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Friday, October 26, 2012

Attention locals: get your TP casseroles ready!

The panic is strong with this storm. As Hurricane Sandy slowly works her way toward land, newscasters and locals are panicking. The Mayor has already declared a state of emergency. Those of us who prep for things like this regularly are ready for Sandy, but there's one thing left for us to do.

We have to make our TP casseroles. Normally this is a winter-only recipe, but with the amount of panic I'm seeing around here, I think we can adapt it for hurricanes.

Reposted with permission, and with my edits in bold.

1 Forecast of at least 1 FRANKENSTORM
3 cups of Baltimore News Channel Reporter and TV Crew
3 tbsp of panic
1 closed school system (prior to the storm)
1" of rain, with significant wind
1 gal 2% milk
Doz & 1/2 large eggs
1 full loaf of Wonder Bread (white preferred)
1 Charmin value pack (8 rolls)

Take one mixing bowl and place the Baltimore TV weatherman's forecast of a high risk of FRANKENSTORM on the 6 PM evening news. Watch this newscast until you hear the word "storm," "wind gusts," or "FRANKENSTORM" repeated at least 6 times. At which point we then shake in 1 cup of the Baltimore News Channel Reporter & TV Crew doing live shots before one drop of water can even be seen. This live shot may include canned footage of newscasters looking out to sea for their elusive ratings.

At this point, take one of the 3 tbsp of panic and use it in the mixing bowl of sensationalism. Go to bed, and let the mixture percolate in the fridge over night. At 5am the next morning, arise from bed and check the local news to see that the TV crews are still indeed doing their live shots from last night. If they are, turn on your AM radio to 1090. If at least one school system has closed, look out your window to confirm no rain has hit the ground. At this point, mix in the 2nd tbsp of panic, wake and dress the kiddies so you can get them ready to go to the store.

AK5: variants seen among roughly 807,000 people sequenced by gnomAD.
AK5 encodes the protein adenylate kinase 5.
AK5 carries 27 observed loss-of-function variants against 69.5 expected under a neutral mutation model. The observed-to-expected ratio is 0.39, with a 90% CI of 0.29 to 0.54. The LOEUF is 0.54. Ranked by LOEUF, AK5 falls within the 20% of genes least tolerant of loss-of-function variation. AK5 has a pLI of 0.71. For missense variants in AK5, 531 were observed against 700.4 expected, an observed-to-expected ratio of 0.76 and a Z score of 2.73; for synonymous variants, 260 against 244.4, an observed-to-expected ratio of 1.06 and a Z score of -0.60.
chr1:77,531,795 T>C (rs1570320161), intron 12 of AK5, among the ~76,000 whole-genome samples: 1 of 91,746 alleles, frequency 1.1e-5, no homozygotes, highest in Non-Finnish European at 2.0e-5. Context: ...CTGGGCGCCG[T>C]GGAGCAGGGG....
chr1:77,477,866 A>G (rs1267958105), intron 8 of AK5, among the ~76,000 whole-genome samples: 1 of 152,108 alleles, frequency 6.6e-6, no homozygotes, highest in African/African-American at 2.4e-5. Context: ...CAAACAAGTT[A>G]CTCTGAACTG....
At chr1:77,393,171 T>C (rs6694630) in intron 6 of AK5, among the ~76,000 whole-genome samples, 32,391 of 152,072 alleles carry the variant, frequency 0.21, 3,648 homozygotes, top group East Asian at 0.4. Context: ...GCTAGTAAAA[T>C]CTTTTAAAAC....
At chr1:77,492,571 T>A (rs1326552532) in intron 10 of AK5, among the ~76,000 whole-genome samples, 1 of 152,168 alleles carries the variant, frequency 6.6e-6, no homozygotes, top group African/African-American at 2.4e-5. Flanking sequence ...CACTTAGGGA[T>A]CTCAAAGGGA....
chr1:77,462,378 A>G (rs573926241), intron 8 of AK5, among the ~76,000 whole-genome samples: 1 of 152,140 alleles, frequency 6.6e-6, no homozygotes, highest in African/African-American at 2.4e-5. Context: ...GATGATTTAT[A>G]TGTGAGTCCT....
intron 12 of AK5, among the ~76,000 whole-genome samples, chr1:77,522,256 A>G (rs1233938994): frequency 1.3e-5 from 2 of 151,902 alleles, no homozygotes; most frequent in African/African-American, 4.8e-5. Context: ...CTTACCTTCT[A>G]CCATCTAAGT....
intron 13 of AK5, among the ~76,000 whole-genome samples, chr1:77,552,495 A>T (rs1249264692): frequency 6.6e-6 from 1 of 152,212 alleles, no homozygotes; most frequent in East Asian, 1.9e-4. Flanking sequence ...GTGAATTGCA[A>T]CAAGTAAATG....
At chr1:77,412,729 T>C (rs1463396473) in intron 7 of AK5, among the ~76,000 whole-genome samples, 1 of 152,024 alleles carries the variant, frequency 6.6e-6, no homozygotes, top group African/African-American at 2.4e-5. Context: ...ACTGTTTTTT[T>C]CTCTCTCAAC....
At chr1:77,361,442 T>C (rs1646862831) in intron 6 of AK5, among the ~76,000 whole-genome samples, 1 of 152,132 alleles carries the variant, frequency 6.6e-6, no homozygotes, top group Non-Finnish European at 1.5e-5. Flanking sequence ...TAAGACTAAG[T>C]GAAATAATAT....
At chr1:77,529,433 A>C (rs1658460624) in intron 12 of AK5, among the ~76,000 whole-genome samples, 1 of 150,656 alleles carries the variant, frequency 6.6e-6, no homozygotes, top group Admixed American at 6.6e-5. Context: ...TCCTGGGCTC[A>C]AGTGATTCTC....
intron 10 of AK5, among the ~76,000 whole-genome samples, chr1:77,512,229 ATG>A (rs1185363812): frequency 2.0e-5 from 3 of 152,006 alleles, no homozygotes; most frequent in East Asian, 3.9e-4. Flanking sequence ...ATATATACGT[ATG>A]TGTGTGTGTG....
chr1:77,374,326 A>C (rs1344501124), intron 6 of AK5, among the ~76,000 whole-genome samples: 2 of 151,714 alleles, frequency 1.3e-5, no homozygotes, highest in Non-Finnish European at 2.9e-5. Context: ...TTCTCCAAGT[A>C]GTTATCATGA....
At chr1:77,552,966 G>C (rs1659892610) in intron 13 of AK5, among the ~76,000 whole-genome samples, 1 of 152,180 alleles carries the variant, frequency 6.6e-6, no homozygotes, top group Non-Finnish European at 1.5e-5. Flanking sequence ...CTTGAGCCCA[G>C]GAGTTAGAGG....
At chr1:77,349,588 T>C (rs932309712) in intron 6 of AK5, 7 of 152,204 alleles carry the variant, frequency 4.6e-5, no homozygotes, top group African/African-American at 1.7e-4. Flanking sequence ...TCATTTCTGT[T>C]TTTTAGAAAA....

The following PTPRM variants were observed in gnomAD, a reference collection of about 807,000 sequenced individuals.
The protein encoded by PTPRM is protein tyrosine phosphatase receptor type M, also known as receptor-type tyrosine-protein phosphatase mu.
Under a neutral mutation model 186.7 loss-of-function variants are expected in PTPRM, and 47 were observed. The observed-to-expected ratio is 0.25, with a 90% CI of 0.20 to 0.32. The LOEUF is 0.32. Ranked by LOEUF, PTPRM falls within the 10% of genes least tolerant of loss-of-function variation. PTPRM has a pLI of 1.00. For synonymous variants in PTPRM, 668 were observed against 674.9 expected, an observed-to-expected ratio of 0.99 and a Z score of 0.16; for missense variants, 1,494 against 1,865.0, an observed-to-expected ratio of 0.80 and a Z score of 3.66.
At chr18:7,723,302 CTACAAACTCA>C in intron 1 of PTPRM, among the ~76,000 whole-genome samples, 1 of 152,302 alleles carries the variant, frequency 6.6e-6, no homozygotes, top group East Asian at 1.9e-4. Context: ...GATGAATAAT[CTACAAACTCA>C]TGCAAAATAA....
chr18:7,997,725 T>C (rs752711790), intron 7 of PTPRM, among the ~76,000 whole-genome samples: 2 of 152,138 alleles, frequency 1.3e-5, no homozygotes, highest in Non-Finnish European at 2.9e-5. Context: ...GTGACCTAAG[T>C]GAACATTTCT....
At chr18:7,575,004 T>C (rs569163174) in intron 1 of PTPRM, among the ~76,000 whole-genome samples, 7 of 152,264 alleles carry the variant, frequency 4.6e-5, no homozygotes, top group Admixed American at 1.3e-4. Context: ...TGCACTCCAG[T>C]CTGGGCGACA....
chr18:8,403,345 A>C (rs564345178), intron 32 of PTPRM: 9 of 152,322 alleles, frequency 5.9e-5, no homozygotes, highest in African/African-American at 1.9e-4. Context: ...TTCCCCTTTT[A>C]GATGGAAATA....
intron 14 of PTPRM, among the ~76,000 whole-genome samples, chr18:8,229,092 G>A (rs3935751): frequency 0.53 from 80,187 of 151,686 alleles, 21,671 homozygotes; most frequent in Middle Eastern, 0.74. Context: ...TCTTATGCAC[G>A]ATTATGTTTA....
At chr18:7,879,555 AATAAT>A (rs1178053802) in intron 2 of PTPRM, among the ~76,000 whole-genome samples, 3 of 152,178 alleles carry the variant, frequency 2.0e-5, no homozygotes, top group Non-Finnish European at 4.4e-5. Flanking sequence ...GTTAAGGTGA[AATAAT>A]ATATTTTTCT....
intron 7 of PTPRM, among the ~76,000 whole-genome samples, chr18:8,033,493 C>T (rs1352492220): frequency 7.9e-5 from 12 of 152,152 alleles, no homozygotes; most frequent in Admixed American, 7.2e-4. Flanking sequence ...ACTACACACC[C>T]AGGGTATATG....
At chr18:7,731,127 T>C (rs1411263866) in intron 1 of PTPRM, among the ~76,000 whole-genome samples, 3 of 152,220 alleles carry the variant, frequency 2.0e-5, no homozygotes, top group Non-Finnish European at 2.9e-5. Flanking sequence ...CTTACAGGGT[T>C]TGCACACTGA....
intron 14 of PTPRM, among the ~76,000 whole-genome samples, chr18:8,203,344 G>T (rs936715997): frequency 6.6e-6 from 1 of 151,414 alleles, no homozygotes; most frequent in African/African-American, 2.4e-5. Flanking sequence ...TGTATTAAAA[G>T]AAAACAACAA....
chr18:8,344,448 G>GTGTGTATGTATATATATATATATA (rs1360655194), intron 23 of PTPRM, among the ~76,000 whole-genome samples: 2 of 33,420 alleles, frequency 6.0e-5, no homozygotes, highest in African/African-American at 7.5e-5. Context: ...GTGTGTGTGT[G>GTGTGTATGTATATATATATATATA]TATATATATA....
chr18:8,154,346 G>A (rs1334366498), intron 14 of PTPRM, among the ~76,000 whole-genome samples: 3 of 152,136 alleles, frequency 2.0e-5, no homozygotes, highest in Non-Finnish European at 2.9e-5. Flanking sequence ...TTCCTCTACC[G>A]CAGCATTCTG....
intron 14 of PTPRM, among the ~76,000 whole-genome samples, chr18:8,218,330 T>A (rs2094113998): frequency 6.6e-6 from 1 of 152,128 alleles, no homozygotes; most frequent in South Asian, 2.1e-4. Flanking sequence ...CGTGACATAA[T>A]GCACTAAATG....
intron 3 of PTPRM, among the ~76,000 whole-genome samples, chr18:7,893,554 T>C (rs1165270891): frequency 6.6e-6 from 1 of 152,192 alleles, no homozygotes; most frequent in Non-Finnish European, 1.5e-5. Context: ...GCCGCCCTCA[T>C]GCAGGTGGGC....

While at the store, head straight for the diary case first. Eggs and milk are the first things to be picked over, followed by bread. Toilet paper will be the last product to be picked over of the four main ingredients. Do not purchase any other products as this will prevent the casserole from being adequately formed. Use the express lines in the grocery store, and chat with as many people as possible about the yet to occur storm in hopes you will induce enough panic to cause your sensationalism to build to ludicrous speed.

Exit the store to head home, but if you would happen to see any TV crews, make sure you stop and talk with them, mentioning the fact that you were fortunate enough to be the last person to get any of the key ingredients to make your casserole. Safe guard these items with your life because if they should be stolen, your life will most certainly come to a screeching, panic induced end.

Once at home, retrieve your mixing bowl from the fridge and let warm. Once the TV crews report the first drop has hit the ground, you can then mix in 3cups of milk, and your remaining tbsp of panic. Crack open 2 large eggs and place the remainder in the fridge. Fold in one roll of toilet paper and 4 slices of bread. Mix thoroughly until well blended.

Poor mixture into one medium sized casserole dish (preferably Pyrex) and let bake @ 350 degrees until the end of the storm.

Servings are variable by nature, and not known to contain any nutritious qualities.

Oh, and don't forget your pallets of water.

3 comments:

Krysten said...

Funny lady. You're just stoked because you have a generator! BTW - I am coming over if it comes to that :)

Bubblehead Les. said...

Of course, if FrakenStorm does hit you guys bad enough, you might get a chance to Field Test those Mauser Stripper Clips I sent you, and issue out some Darwin Awards.

Remember, the Fish and Game Dept. does NOT have a season on "Looters," nor does one need a License.

FightinBluHen51 said...

Ahhhh....memories...


I should blog again...then again...one tends to experience blog burnout as there is so much disaster and ZOMG PANIC! everywhere all the time that it tends to grate on one's nerves.